Go Ape – Challenge No 39

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This 50@50 challenge was a total surprise on the day, and I had been quite nervous as it approached wondering what my son Matt had planned for me.  Growing up he was an absolute joy ( well most of the time) as he loved being outside either climbing, running, walking, cycling or playing sport…..however mostly he was climbing.  In Matt’s eyes our homes were only any good if the garden had a decent tree to climb in them.  Therefore when we pulled up at Go Ape at Leeds Castle in Maidstone it could not have been more appropriate.

https://goape.co.uk/days-out/leeds-castle

As I have said before I am blessed to have my children grow up into wonderful adults and one reason I am so proud of Matt is because of his supportive and encouraging nature.  When we have been on holidays in the past and we have had waterfalls to jump across, ledges with steep drops to walk along or any adventure to undertake he is always there for me with a kind word, a steadying hand or a pat on the back and he has done this since a young lad.  There is no fuss or drama, just a solid, steady presence which I have come to rely upon.  I now see him doing the same with my daughter-in-law and grand-daughters ( Iyla is already another budding monkey).  However I wondered this time if his expectations of me outweighed my ability and even his coaxing abilities!!!

BUT NO!! There is life in the old girl yet.  As we suited up I realised the men would be having by far the worst of it 😂 ( although I was covered in bruising the next day) and after a fear inducing, brief training session we headed into the tree canopy for the aerial assault course.  It took 3-4 hours and was at times quite physically gruelling ( for an overweight, under-tall and physically not at her peak individual such as myself).  However, this was all blown into insignificance by the fun we had.   We both absolutely loved the zip lines.  It was so hard to just step off the ledges and ‘hope’ you had clipped on correctly and that the ropes would take your weight but, my goodness, the adrenalin of then whizzing through the air, past the trees and out into an open meadow and then back under the tree canopy was fantastic.  It’s not often you can scream with joy in a public place but I certainly made the most of this opportunity!!!!! And that gentle ” am I going to have to push you mother”  in my ear was the only encouragement I needed to take that initial plunge, after that I was away.  Towards the end there was the Tarzan swing which crashed you into a cargo net and I was genuinely worried I would not be able to climb up it but I did not take the easy route, with Matt’s encouragement I gritted my teeth and worked my little legs and arms until I got to the top and onto the platform.  He then flew across providing acoustics which resonated around the woods and scrambled up with ease like a contestant on Gladiators ( my genes are in there somewhere).

At the end we agreed that it was a great course, higher up than it initially looked, challenging and fun for the fit and providing less taxing alternatives for the less able.  We would both do it again at the drop of a hat and would absolutely recommend it unless you don’t like heights.  It was so nice to spend some 1:1 time with my son as life has a general habit of getting in the way and this really was such a great choice of challenge.  

Simply the best fun…thanks Matt 🐒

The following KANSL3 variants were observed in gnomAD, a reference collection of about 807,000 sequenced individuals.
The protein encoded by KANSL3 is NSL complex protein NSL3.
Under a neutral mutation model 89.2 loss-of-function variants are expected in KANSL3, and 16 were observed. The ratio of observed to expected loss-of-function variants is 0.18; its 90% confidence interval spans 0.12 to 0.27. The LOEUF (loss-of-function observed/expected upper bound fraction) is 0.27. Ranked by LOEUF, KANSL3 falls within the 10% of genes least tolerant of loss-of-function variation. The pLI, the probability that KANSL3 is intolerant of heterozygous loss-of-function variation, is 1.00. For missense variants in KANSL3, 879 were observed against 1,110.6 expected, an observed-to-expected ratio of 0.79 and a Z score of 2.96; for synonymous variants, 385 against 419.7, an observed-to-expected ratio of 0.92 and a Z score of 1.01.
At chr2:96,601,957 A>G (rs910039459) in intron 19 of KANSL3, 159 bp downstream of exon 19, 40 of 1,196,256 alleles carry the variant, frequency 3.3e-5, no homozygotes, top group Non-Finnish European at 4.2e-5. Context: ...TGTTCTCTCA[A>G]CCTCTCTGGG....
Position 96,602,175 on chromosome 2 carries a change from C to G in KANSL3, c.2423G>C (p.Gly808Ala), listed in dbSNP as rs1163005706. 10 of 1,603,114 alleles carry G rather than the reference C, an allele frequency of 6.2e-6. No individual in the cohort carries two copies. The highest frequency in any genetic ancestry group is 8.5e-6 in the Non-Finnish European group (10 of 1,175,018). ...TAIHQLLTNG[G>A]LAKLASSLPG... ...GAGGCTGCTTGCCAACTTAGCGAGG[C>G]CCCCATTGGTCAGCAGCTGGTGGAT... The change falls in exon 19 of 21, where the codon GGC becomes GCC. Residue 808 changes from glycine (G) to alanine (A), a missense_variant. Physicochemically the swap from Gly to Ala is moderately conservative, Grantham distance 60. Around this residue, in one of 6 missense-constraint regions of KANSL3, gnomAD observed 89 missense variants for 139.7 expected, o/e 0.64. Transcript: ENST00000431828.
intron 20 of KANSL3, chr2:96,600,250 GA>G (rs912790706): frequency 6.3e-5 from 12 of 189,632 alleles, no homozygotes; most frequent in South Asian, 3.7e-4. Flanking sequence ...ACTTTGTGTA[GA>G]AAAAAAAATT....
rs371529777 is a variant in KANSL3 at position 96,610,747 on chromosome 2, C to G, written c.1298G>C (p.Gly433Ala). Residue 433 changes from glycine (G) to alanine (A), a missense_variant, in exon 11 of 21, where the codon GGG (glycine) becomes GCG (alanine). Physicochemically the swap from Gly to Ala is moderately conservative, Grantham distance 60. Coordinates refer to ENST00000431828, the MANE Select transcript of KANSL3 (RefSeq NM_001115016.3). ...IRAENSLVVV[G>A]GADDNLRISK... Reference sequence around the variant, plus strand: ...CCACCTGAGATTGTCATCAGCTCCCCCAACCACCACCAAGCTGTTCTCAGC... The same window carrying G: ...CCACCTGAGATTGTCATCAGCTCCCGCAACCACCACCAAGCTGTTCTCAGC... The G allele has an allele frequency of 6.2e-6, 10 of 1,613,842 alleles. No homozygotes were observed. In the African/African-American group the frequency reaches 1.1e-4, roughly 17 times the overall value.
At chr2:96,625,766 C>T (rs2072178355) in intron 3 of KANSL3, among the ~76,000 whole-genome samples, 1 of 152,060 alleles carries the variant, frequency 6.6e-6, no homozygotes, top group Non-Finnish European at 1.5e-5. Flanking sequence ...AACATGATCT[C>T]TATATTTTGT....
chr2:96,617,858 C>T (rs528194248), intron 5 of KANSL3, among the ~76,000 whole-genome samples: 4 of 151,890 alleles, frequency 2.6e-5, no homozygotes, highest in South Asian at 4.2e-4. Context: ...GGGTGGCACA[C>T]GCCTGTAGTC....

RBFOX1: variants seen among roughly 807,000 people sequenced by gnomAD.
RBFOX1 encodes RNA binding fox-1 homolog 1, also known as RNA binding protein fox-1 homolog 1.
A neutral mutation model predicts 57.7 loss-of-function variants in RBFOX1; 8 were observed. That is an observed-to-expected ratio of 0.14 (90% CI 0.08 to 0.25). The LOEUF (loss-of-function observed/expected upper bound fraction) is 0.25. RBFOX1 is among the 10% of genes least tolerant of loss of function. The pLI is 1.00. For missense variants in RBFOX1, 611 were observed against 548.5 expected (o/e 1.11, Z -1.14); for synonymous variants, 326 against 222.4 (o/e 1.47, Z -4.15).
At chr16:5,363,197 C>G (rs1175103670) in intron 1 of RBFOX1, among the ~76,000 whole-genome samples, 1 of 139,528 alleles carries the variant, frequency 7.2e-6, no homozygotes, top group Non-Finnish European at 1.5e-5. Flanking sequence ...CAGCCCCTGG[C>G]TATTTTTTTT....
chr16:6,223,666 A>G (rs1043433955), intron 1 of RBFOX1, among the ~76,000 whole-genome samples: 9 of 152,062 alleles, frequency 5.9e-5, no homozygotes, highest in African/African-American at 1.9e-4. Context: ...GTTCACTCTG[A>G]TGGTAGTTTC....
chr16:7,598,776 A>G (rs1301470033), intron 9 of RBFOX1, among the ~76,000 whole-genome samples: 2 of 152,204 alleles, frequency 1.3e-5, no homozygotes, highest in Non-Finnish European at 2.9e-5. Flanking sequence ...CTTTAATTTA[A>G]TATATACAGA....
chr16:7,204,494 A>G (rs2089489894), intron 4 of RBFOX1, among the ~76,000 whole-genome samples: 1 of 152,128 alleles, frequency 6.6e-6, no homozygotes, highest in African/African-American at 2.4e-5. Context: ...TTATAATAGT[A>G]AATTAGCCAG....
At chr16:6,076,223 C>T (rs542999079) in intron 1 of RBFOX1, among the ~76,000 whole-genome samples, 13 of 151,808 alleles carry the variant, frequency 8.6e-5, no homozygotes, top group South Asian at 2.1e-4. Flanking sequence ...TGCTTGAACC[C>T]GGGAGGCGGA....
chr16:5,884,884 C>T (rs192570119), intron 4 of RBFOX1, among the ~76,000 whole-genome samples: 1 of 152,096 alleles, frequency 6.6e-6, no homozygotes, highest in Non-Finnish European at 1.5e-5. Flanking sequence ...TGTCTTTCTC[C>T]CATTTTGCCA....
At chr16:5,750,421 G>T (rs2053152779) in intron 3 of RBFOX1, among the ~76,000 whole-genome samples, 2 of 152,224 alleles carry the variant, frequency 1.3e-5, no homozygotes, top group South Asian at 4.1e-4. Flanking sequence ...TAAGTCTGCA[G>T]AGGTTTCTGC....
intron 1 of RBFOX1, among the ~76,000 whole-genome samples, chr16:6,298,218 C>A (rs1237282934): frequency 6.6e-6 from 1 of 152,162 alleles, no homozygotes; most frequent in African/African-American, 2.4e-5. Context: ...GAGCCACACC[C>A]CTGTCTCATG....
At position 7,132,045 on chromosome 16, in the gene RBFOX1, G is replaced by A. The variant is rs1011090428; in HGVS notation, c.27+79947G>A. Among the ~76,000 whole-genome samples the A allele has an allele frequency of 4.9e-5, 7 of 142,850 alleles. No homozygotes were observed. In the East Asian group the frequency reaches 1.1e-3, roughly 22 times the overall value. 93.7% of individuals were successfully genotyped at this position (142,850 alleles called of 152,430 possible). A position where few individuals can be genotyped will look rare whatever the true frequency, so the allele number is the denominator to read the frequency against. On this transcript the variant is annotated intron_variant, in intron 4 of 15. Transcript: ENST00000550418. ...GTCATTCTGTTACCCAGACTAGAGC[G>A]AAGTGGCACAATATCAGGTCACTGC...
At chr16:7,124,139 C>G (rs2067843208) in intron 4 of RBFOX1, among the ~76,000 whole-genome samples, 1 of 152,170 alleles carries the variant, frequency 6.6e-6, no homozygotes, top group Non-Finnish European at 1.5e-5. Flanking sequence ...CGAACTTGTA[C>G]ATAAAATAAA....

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Kayaking the Dordogne – Challenge No 50

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So, at last, I hear you say….something approaching a proper, physical challenge.  And you would be right, when my friend Megan did this last year she thought to herself this would be the perfect challenge for Claire, a physically demanding three hour kayak, balanced out by the stunning scenery along the Dordogne (and the assistance of some of her rather gorgeous family  if things got too much) and a tasty Fench picnic.  I jumped at the chance but sometimes things are just not meant to be….

Our trip suffered numerous setbacks which were totally out of our control (personal sorrow, freak meteorological flooding and,the French being the French, various strike actions) so our new challenge became….just to make it to France!!

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I have known Megan for about 20 years now as we met when our children were at St Philips playgroup and we are both ‘cup half full’ people so hit it off instantly.  Therefore even though we had to shorten our trip and ditch the kayaking ( the Dordogne was flooded so not allowing kayaks on the water) we both still knew we would have a great time…which we absolutely did.

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We were staying at a beautifully converted house, near the town of Gourdon and a five minute walk away from Megan’s brother-in-law and his family who were extremely hospitable, beautiful people. Megan also had family and some other friends staying with us so there was a ‘party’ atmosphere which was wonderful.  We ate at a fabulous restaurant which only opens when pre- booked and all the courses included fresh herbs or flowers from the small but brilliantly packed restaurant garden.  We had a pizza chef come in his van to the house and cook what are undoubtedly the best pizzas I have ever eaten, to celebrate Megan’s brother in laws birthday ( duck pizza being a speciality of the region..inspired) and a bar-b-que, like no other…where the mushroom starter had been foraged, the meat cooked were huge steaks which I don’t even know how to describe and the fish was fresh and fabulous, all washed down with wine and merriment.